Tip: Build Strength & Stamina with Rope Pulls

All you need is a rope and something heavy to pull to ramp up your conditioning. Check this out.

Physical challenges must be a regular part of every man and woman's life to build a strong mind and body. Here's one I use with my athletes.

Attach a rope to a dragging sled (or anything heavy) and pull it toward you. The rope we use is thick and 112-foot long. We lay this creature out in the street and each person has to pull the sled with a hand-over-hand motion.

Each athlete has to do two warm-up sets and two work sets. Each set consists of pulling the sled the entire length of the 112-foot rope. It's important that you have someone behind the rope puller that helps clear the rope out from underneath him as he's pulling it. This makes a huge difference.

How much weight you use is going to be entirely dependent on what kind of surface you're on. For example, the street outside my house is asphalt, but it hasn't been repaved in years so it's rough. However, a recently paved asphalt street will feel vastly different. Concrete is usually easier and grass just plain sucks. So understand the weights listed are merely guidelines.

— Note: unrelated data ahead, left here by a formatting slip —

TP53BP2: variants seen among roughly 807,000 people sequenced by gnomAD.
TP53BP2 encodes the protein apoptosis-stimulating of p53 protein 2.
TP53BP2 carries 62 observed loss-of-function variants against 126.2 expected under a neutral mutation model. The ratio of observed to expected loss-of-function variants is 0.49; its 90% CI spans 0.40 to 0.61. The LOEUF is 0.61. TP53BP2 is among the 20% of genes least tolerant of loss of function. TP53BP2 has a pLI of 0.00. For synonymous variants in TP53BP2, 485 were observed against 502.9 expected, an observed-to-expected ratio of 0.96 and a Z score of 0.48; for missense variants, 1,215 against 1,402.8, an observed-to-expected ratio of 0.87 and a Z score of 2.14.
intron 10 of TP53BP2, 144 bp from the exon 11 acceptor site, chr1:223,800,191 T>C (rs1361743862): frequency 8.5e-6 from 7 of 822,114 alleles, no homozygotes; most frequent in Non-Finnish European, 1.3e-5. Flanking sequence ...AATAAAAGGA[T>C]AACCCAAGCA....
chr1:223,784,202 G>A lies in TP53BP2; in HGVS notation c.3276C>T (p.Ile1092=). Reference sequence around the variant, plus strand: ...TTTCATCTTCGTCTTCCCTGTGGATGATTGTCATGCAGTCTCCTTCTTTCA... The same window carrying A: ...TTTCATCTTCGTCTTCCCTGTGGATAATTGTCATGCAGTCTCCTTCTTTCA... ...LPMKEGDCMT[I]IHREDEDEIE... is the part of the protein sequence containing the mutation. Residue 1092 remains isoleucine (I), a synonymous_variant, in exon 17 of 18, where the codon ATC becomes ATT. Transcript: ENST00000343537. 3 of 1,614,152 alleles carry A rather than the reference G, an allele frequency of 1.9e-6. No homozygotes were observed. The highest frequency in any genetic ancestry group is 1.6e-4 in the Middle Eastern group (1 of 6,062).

Sample Workout:

  • Warm-Up Sets: 2 x 112' @ 75 pounds
  • Work Sets: 2 x 112' @ 190 pounds

Guidelines and Tips for Rope Pull

  1. The hardest part is getting the sled moving. Once you've established a good pace, try not to stop. The first few pulls will be short and choppy. Get it moving.
  2. Once the sled is moving, work your arms fast and pull in long strides. Cover as much ground as you can when you're fresh because the hardest part is always the beginning – you're not just pulling the sled but all that rope, too. Your arms will give out. If they don't give out, you didn't go heavy enough.
  3. We strive to challenge and burn out. Once your arms die, stand up, count to 10 or 20, and make a goal to do an additional 5 or 10 pulls per arm. Keep setting and achieving goals until you're done.
  4. If you've never used a thick rope before, be prepared for your biceps, forearms, hands, upper back and lats to get smoked. You'll also be gasping for breath.